July 2013
From The Director


Life is full of surprises. Some are happy, some not so. Being well prepared for the worst times will help you to fully enjoy the best times. For example, do you have a plan to manage the sudden passing of a family member? There’s a lot to consider, especially if you are expected to play a key roll in the process. This month, we take a look at what’s required to stage a funeral in Japan, including cremation, interment and the costs involved.

As always, we welcome your feedback. If you have any questions or would like additional information, please do not hesitate to contact your financial advisor. Should you not currently have an advisor at Select, please reply to this email and one of our senior consultants will contact you promptly.

Best Regards,

Imants Katlaps
Managing Director


Anticipating the unexpected is one of the great dilemmas of life. We all want to think positive and remain optimistic, yet no one wants to be caught unaware, or unprepared, when trouble strikes. Whether it’s simply a sudden thunderstorm, or a more serious issue such as a financial crisis, or a death in the family, planning for the worst can be a vexing exercise.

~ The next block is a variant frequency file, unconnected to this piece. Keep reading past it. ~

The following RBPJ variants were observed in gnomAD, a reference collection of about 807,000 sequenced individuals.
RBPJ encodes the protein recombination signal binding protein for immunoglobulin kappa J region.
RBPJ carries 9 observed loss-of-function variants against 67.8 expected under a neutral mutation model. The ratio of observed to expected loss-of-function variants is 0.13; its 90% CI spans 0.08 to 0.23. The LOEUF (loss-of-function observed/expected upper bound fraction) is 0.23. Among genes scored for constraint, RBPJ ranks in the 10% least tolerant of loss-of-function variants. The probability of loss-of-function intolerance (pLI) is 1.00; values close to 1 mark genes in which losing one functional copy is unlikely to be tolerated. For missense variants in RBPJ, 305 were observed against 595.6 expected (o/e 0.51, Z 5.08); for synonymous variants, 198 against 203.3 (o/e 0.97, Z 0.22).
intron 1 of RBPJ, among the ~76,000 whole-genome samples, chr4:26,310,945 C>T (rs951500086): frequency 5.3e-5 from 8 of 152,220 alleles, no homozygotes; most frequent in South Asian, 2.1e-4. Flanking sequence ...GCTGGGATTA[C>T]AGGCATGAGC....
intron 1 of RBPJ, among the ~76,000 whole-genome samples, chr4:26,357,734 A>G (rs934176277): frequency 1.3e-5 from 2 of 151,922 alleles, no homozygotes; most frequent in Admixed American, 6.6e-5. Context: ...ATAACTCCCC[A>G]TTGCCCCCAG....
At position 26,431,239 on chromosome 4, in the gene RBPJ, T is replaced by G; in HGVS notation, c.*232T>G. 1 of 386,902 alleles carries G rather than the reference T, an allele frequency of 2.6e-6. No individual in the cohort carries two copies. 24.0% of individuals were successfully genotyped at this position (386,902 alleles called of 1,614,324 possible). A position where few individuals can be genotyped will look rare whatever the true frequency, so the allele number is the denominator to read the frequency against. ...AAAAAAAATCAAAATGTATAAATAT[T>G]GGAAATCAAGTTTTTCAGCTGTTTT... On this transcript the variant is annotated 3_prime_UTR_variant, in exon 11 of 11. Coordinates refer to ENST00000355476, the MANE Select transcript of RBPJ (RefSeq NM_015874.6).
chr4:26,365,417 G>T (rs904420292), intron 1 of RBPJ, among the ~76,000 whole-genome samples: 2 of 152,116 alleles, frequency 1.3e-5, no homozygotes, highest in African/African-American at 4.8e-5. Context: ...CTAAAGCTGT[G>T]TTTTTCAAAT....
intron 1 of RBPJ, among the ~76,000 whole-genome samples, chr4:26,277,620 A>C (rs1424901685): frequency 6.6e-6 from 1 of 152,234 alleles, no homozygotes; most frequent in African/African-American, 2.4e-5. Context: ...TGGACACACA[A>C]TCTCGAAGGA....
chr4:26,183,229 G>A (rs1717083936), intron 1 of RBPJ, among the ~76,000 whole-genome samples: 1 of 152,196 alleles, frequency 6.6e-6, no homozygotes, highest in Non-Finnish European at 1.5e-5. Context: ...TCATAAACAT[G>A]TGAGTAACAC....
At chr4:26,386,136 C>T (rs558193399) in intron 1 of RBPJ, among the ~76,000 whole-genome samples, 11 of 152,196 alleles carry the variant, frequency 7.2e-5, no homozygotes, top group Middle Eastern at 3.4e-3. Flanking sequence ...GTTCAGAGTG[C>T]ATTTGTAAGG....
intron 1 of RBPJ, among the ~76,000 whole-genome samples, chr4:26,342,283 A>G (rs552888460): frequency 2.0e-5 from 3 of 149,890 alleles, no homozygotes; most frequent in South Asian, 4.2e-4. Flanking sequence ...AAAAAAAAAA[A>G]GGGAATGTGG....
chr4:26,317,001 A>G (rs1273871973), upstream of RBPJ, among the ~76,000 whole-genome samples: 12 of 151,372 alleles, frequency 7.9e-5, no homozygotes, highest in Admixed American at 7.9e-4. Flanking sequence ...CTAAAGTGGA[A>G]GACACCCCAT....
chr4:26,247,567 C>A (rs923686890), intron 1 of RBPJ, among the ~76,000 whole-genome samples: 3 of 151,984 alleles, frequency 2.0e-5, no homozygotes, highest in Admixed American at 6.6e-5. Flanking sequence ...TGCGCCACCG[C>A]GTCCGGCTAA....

Unfortunately, severe illnesses and accidents strike without warning, so it’s best to consider your options and form a loved-one’s funeral plan when you are in a frame of mind to think clearly. And the funeral of a loved one is one of the most important expenses you are likely to face.

In Japan, funerals and the related ceremonies are known to be quite costly. If you have a Japanese spouse and, by extension, Japanese in-laws who you may be responsible for...

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